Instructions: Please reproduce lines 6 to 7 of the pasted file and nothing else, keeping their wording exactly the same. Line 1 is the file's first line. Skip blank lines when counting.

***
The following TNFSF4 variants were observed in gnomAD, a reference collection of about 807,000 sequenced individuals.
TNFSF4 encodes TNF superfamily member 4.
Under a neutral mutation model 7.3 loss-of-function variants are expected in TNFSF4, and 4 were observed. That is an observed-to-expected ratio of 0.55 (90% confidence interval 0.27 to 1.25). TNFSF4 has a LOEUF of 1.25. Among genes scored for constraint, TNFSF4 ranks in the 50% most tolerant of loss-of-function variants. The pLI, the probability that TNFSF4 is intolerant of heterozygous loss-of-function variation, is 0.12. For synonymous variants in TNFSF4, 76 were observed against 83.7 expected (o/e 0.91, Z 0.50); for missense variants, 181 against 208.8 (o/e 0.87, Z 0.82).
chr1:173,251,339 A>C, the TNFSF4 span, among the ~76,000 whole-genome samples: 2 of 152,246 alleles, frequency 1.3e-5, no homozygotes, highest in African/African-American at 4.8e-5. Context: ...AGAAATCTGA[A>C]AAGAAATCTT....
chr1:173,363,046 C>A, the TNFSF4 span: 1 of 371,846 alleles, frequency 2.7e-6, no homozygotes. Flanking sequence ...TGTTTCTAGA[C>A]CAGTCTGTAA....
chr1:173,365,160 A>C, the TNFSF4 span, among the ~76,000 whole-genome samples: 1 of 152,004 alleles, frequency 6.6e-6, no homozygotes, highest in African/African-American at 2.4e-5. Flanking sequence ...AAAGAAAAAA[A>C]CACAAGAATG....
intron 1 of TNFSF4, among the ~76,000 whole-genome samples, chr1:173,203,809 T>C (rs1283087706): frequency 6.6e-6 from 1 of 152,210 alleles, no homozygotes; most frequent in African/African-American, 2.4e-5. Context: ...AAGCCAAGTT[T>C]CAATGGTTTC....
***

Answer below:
chr1:173,365,160 A>C, the TNFSF4 span, among the ~76,000 whole-genome samples: 1 of 152,004 alleles, frequency 6.6e-6, no homozygotes, highest in African/African-American at 2.4e-5. Flanking sequence ...AAAGAAAAAA[A>C]CACAAGAATG....
intron 1 of TNFSF4, among the ~76,000 whole-genome samples, chr1:173,203,809 T>C (rs1283087706): frequency 6.6e-6 from 1 of 152,210 alleles, no homozygotes; most frequent in African/African-American, 2.4e-5. Context: ...AAGCCAAGTT[T>C]CAATGGTTTC....